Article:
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BLACK ROSES

CABINET OF HENRI GAMUL

ANNIVERSARY

CURIOSITY PEDDLER: WEEP AND MOAN

COLD READS

HANGMAN'S DOZEN THEME

TRAILER WE WHO ARE HIS FOLLOWERS

HANGMAN'S DOZEN EP. 1

HANGMAN'S DOZEN EP. 2: THE DROWNED MAN

THE SWARM from THE BOOK OF WEIRD

THE HUNGRY FACE from THE BOOK OF WEIRD

AUDIO DRAMA: ATOMIC PLAYBOY

ELIXIR

SUNDOWNERS EP 2 SAM HILL DIED HERE

BLACKOUT CITY: DEATH RAIN

ELECTRIC CHAIR 37

RADIO PLAY: SEEING RED

HORROR ADDICTS 113

Tuesday, December 25, 2012

THE LUNATIC IS ON THE GRASS copyright 2012 m.s.


                                          
They all laughed at Wilkins.
He turned bright red and said, “Why would you not believe me?”
“Oh, please,” Johns told him. “As a child your father kept a Klanse out in your backyard?”
“Those things don't exist!” Mantle bellowed and drank down his whiskey.
 
We were at the Mud shark clubhouse meeting, initiating a new member named Donald Dollup. Dollup wasn't anyone important in town. He was a young man with big city dreams and just started University. Wilkins and I met him at Rose's bar a few nights ago and he began telling us how he was going to be a big man one day and own the world. Of course Dollup was completely drunk, and...we weren't too far behind him in glasses of beer, chasers of vodka and coke.

That was when the idea to make him our newest member hit me. I pulled Wilkins aside, convinced him that this would be good for the club. He raised an eyebrow, agreed with a drunken nod.

So, were at the club smoking cigars and drinking ourselves into oblivion, when Wilkins spilled a secret.







“Charlie!” I reprimanded him. “Telling your father's secrets. For shame! This is the man, who  not only helped create your life, but cared and loved you!” I shook my head at him, showing disgust on my face. “For shame.”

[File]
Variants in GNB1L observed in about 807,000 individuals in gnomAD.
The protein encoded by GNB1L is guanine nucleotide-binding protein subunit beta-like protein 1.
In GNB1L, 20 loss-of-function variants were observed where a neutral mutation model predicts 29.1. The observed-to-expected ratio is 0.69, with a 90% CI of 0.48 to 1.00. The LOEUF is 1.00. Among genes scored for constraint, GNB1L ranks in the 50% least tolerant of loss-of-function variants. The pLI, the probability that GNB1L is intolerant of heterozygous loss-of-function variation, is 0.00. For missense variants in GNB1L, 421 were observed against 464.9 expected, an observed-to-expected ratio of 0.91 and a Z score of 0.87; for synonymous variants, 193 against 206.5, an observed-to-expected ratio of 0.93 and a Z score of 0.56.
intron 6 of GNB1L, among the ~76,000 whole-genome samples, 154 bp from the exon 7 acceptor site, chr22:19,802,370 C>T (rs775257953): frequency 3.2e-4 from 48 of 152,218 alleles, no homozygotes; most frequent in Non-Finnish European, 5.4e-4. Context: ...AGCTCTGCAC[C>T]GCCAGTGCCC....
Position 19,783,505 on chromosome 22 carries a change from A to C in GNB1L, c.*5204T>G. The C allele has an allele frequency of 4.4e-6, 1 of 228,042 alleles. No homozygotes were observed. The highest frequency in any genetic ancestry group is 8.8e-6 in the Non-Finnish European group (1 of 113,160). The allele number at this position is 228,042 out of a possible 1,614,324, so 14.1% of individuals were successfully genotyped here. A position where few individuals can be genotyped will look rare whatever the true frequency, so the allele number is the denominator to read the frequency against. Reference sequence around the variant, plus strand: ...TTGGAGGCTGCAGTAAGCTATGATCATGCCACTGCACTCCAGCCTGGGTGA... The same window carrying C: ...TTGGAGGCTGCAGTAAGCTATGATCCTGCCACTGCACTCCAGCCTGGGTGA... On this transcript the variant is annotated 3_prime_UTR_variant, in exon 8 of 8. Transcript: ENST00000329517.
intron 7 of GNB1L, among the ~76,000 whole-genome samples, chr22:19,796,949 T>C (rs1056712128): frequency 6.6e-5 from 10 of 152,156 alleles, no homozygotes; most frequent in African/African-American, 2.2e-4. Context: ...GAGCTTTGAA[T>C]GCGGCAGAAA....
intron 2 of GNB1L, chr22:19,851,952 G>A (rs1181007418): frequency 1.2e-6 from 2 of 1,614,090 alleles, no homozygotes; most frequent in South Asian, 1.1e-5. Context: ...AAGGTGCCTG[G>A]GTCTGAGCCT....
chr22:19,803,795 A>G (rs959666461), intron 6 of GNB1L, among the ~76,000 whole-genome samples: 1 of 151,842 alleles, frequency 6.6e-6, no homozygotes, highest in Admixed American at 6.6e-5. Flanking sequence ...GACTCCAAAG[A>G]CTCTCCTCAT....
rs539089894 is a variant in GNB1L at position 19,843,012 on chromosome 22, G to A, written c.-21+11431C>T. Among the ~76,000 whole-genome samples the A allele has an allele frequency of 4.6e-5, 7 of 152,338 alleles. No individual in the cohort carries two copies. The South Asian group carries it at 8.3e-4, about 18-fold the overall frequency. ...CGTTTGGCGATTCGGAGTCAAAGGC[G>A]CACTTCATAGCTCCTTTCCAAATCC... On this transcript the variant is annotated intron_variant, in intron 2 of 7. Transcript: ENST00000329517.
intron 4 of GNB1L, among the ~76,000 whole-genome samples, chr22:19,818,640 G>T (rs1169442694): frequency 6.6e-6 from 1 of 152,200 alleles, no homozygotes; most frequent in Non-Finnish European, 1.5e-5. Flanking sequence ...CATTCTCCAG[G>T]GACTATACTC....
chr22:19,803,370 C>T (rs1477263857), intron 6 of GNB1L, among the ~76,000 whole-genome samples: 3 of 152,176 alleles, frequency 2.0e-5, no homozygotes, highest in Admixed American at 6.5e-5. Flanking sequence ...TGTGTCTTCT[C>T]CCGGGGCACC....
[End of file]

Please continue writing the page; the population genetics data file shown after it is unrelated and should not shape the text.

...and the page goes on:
“Oh, it's a big lie any way,” Johns slurred.

Peter Johns was the town banker. Daniel Mantle built every new building in the town. And I, Douglas Tart, supply everyone in town with goods from furniture to canned peaches and fresh fish. Two other members who tended to keep quiet during meetings were Billings the school superintendent and Rev, Smegly.

They knew better than to get in the way.

Wilkins moved in his chair slightly. He took a long drink from his glass and waved for the servant to fill it with more whiskey.









“Yes....father founded this club to hold secrets for the men of this great town. But it was not the first club this town had. My grandfather formed the first one. Farmers who had experienced the devastating drought in forty years. That was in 1909.

“And then the economic collapse in the thirties. Now, we face harsh times in it's beginning. All the bad luck is because we have turned our backs on tradition.”

“What in God's name is he talking about?”  Dollup said and everyone fell out of their chairs in a scatter of laughter. Dollup laughed along with the rest of them. “What is a......Klanse......anyway?”

“Don't Charlie,” I begged. “Please. Remember tradition?”

“I am remembering tradition,” He threw his half -empty glass against the wall behind us. A servant ran to clean it up and Wilkins screamed at him to leave it be. He placed a hand on my shoulder, rose from his chair. “I am remembering tradition, Douglass.”









He baby-stepped his way carefully to a large bay window with black silk curtains drawn in front of it. He grabbed hold of the strings to the curtains  to pull them open to expose a setting sun on a yard where tangled grass had grown waist deep and old dead gnarly trees intertwined.